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Shifts in global bat diversity suggest a possible role of climate change in the emergence of SARS-CoV-1 and SARS-CoV-2.
Beyer, Robert M; Manica, Andrea; Mora, Camilo.
  • Beyer RM; Department of Zoology, University of Cambridge, Downing Street, Cambridge CB2 3EJ, United Kingdom; Potsdam Institute for Climate Impact Research, Telegrafenberg A 31, 14473 Potsdam, Germany. Electronic address: robert.beyer@pik-potsdam.de.
  • Manica A; Department of Zoology, University of Cambridge, Downing Street, Cambridge CB2 3EJ, United Kingdom.
  • Mora C; Department of Geography and Environment, University of Hawai'i at Manoa, 2424 Maile Way, Honolulu, HI 96822, USA.
Sci Total Environ ; 767: 145413, 2021 May 01.
Article in English | MEDLINE | ID: covidwho-1071914
ABSTRACT
Bats are the likely zoonotic origin of several coronaviruses (CoVs) that infect humans, including SARS-CoV-1 and SARS-CoV-2, both of which have caused large-scale epidemics. The number of CoVs present in an area is strongly correlated with local bat species richness, which in turn is affected by climatic conditions that drive the geographical distributions of species. Here we show that the southern Chinese Yunnan province and neighbouring regions in Myanmar and Laos form a global hotspot of climate change-driven increase in bat richness. This region coincides with the likely spatial origin of bat-borne ancestors of SARS-CoV-1 and SARS-CoV-2. Accounting for an estimated increase in the order of 100 bat-borne CoVs across the region, climate change may have played a key role in the evolution or transmission of the two SARS CoVs.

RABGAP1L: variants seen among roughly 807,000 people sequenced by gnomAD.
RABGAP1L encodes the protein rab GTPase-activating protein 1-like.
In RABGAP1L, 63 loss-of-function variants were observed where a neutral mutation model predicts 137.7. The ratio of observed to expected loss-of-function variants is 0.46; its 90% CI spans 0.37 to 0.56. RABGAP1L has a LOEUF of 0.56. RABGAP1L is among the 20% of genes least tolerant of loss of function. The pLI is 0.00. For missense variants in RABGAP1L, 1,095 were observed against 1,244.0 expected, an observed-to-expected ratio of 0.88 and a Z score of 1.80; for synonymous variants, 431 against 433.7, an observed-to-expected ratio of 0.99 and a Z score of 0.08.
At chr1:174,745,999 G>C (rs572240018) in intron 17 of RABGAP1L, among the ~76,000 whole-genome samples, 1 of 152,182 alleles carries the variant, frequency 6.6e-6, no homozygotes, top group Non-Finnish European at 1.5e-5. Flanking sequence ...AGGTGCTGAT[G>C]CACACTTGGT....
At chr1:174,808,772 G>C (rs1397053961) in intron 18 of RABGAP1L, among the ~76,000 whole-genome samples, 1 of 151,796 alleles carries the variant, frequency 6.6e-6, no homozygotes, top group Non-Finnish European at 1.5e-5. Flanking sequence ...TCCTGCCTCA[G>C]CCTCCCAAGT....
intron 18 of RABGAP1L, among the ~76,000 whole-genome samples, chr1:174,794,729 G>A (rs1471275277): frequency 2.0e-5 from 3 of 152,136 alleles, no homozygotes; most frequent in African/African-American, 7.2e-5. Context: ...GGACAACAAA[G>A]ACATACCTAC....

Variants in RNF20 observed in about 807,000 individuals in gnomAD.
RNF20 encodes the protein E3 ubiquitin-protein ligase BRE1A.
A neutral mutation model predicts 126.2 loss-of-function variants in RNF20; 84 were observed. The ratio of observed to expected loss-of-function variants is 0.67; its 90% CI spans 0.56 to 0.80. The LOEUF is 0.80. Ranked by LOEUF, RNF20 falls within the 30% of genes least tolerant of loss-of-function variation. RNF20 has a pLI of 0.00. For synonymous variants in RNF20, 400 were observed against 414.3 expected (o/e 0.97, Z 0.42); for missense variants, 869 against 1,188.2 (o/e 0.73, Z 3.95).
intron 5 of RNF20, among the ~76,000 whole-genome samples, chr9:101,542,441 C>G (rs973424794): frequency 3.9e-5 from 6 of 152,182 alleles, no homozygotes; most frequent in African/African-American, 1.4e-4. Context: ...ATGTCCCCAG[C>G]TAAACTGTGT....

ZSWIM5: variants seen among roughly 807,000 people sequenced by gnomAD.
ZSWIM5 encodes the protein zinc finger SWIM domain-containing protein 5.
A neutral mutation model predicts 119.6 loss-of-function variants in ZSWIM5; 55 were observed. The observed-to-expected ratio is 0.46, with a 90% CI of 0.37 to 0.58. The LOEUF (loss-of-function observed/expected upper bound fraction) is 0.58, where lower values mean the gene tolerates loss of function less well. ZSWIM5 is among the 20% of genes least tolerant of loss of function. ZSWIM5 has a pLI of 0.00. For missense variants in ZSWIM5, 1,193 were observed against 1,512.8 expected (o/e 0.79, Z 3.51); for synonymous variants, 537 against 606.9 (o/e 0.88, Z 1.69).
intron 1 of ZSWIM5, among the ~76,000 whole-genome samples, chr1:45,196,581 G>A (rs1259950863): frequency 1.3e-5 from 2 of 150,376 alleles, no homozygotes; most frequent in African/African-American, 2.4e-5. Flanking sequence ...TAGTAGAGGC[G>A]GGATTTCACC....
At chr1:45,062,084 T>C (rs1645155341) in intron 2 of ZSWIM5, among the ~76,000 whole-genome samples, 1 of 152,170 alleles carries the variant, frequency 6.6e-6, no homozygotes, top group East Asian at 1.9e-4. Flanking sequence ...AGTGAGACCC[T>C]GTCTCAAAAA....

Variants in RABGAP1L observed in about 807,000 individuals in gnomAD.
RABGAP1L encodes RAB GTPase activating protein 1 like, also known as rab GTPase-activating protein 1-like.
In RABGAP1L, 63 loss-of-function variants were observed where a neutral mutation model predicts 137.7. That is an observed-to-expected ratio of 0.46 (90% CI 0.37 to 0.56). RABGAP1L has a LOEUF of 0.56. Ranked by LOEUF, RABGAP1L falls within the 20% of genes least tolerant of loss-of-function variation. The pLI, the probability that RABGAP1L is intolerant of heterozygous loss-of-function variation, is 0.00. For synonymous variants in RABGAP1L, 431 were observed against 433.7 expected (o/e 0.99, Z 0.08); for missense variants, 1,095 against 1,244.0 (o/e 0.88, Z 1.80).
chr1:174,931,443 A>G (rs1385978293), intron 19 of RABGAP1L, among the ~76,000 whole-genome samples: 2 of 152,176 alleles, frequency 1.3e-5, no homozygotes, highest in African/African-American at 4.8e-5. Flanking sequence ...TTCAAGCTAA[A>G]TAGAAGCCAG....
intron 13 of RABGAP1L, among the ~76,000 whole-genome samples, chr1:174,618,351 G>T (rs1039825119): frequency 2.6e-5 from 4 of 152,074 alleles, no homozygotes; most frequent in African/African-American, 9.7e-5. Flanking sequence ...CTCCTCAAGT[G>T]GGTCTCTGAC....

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Full text: Available Collection: International databases Database: MEDLINE Main subject: Chiroptera / COVID-19 Limits: Animals / Humans Country/Region as subject: Asia Language: English Journal: Sci Total Environ Year: 2021 Document Type: Article

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Full text: Available Collection: International databases Database: MEDLINE Main subject: Chiroptera / COVID-19 Limits: Animals / Humans Country/Region as subject: Asia Language: English Journal: Sci Total Environ Year: 2021 Document Type: Article